The Tree Climber’s Guide

The Tree Climber s Guide After I finished this book I alarmed my family by going into the garden and climbing the apple tree Damian Whitworth The Times One of the publishing sensations of the year For anyone who has ever fel

  • Title: The Tree Climber’s Guide
  • Author: Jack Cooke
  • ISBN: 9780008153915
  • Page: 192
  • Format: Hardcover
  • After I finished this book I alarmed my family by going into the garden and climbing the apple tree Damian Whitworth, The Times One of the publishing sensations of the year For anyone who has ever felt a little overwhelmed in a big city, or wanted to step out of the rat race for an hour or two, Jack Cooke will be something of an inspiration Robert Hardman, Daily After I finished this book I alarmed my family by going into the garden and climbing the apple tree Damian Whitworth, The Times One of the publishing sensations of the year For anyone who has ever felt a little overwhelmed in a big city, or wanted to step out of the rat race for an hour or two, Jack Cooke will be something of an inspiration Robert Hardman, Daily MailA wonderful cocktail of engaging writing, beautiful illustration and heartfelt appreciation for the natural world An essential oddity for any book collection.In this charming, witty and exquisitely illustrated companion, Jack Cooke explores the city through its canopy teetering on the edge of an oak s branches, scurrying up a Scots pine, spying views from the treetops that few have ever had the chance to see He takes us through the parks, over the canals and rivers and into secret gardens on his journey sometimes only ten foot above the street.Part guidebook, part meditation on the consolations of nature, The Tree Climber s Guide is as uniquely odd, alluring and motley as the trees themselves It is a journey into the tangle of bark and branches that surround us all and a welcome reminder that the best things in life are free they just sometimes require a step in the right direction.

    One thought on “The Tree Climber’s Guide”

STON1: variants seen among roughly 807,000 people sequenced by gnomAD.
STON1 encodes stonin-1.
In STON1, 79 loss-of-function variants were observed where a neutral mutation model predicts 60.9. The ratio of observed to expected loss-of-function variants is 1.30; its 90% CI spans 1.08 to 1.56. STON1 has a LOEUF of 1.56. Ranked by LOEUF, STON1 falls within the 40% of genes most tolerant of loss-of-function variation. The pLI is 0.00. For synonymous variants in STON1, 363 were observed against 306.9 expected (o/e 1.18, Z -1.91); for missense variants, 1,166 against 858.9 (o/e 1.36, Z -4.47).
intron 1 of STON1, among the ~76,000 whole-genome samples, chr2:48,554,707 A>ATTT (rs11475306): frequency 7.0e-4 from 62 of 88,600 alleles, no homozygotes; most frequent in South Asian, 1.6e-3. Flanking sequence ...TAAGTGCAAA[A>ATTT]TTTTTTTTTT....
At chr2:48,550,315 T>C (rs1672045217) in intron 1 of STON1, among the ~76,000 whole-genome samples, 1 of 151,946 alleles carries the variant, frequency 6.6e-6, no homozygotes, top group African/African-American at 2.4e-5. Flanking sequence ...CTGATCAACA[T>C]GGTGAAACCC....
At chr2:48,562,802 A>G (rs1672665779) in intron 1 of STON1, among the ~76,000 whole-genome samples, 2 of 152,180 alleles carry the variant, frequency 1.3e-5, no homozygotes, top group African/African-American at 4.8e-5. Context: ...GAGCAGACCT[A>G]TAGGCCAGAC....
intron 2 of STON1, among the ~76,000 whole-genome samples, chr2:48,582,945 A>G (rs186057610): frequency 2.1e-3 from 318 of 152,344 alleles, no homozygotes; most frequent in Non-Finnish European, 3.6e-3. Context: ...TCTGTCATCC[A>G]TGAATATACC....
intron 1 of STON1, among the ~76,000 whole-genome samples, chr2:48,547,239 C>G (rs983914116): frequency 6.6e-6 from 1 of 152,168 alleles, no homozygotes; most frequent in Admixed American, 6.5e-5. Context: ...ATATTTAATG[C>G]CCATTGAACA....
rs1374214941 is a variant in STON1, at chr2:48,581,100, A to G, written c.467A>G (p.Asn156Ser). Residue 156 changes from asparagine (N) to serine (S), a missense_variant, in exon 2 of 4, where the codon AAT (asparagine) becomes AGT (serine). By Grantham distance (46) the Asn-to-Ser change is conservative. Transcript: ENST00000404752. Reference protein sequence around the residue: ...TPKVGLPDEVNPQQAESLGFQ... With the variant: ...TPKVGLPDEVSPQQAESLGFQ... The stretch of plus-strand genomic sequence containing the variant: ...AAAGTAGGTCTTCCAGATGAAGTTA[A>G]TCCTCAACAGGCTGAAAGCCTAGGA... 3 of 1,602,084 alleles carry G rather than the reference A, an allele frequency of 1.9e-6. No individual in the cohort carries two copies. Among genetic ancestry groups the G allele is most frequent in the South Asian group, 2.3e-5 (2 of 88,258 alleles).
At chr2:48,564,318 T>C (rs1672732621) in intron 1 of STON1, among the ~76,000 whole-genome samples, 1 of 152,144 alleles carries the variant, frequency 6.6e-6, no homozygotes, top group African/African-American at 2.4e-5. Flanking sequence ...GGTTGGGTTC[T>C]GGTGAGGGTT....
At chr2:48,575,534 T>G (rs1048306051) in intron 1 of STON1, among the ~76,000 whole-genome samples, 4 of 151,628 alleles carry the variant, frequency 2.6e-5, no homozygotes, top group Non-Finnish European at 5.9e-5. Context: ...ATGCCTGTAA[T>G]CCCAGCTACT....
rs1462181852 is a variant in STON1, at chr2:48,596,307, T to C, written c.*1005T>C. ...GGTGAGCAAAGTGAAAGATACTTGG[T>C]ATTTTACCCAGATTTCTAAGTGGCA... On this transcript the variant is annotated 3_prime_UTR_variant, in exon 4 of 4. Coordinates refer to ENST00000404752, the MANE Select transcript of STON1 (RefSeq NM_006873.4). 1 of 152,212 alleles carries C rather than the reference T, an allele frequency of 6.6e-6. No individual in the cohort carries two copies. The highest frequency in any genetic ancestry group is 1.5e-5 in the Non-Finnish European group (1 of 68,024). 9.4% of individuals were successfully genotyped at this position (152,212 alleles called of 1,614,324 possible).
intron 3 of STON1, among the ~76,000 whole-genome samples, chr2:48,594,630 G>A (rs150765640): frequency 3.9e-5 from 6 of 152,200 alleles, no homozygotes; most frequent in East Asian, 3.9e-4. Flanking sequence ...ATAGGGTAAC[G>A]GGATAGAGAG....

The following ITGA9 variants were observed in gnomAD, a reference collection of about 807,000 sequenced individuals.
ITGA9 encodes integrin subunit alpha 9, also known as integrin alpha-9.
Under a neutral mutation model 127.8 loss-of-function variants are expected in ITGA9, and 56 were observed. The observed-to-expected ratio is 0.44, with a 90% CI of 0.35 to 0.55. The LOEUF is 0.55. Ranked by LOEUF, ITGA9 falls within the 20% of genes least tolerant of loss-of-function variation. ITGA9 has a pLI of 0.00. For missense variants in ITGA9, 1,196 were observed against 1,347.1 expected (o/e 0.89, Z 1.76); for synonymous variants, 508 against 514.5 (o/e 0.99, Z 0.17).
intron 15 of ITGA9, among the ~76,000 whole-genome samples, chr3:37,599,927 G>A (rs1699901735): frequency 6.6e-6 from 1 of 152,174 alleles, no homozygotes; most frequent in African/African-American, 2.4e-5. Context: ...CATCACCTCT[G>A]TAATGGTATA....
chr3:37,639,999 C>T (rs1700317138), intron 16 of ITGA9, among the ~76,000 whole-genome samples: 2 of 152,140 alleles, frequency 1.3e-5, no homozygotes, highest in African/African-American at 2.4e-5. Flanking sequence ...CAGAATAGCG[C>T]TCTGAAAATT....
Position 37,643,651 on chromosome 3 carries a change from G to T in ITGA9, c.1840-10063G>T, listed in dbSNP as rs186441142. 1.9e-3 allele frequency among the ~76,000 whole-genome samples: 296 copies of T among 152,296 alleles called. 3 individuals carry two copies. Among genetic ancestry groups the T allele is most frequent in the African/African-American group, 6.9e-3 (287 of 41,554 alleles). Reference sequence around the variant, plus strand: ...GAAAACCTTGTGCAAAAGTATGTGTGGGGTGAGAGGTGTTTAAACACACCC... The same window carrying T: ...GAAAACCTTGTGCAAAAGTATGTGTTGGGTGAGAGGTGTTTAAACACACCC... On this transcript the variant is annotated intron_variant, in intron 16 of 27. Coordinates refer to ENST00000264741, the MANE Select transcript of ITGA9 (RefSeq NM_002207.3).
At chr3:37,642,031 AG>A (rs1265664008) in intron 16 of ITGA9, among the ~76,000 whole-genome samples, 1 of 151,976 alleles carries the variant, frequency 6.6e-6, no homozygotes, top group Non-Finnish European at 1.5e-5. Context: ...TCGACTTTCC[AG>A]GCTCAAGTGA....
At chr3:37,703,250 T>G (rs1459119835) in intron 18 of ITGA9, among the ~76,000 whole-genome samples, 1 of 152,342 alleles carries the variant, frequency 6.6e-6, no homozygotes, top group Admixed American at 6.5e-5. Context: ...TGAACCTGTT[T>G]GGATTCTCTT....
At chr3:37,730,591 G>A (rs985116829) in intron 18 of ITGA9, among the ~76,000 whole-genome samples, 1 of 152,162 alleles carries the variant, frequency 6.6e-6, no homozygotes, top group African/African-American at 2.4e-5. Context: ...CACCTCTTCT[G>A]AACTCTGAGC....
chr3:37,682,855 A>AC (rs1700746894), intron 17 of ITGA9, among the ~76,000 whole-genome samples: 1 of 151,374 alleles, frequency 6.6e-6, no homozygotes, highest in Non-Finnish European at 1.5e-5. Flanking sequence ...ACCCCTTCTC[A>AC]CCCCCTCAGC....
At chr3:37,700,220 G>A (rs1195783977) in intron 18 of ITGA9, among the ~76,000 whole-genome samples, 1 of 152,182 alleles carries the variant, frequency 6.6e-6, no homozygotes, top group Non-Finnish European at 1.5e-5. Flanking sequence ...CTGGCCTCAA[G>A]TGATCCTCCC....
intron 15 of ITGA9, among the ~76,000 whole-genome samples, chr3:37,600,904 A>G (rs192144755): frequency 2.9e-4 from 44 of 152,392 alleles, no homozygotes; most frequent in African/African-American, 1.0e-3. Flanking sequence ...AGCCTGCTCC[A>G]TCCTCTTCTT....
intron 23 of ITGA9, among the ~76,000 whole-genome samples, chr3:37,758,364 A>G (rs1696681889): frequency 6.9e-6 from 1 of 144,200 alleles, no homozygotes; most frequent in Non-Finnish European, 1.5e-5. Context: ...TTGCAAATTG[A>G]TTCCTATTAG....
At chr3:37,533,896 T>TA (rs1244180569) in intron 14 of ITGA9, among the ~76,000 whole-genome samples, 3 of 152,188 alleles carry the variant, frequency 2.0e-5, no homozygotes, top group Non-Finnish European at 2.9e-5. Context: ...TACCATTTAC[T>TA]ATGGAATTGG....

1. If you are not living in UK (even worse, Northern Hemisphere), I don't recommend you to read the book. The author wrote about his experiences when he climbed each type of trees (as well as some guides/tips), so it was difficult for the reader who live outside the similar geography to enjoy his book to the fullest.

    2. Don't be fooled by the title. The author is NOT an arborist or professional tree climber. (Although he did admit a brief & failed attempt at being a professional arborist. Jack Cooke is an amateur tree climber, plain and simple. And, he foregoes using any technical equipment - no ropes, no saddles. In fact, he prefers to climb barefoot.The author is just passionate about climbing trees, particularly ones that provide unique views from their crown and/or are growing in unique locations. His b [...]

    3. I was annoyed with the author's frequent anti-technology references in the beginning, the standard "we spend too much time looking at screens these days to appreciate the natural world," which is just such a lazy and unimaginative way of thinking; the nature/technology binary is not a necessary or productive construct. However, I was delighted by the descriptions of his actual interactions with trees. The details he notices, and the fanciful way he narrates them, are enchanting. Read it for the [...]

    4. DNF at 26%. The beginning essays were interesting (if impossible to actually back up with science), but beyond that, this book isn't useful if you don't live in London (or the UK more generally, perhaps). And I'm still really sad that it's a misdemeanor to climb public trees in NYC.

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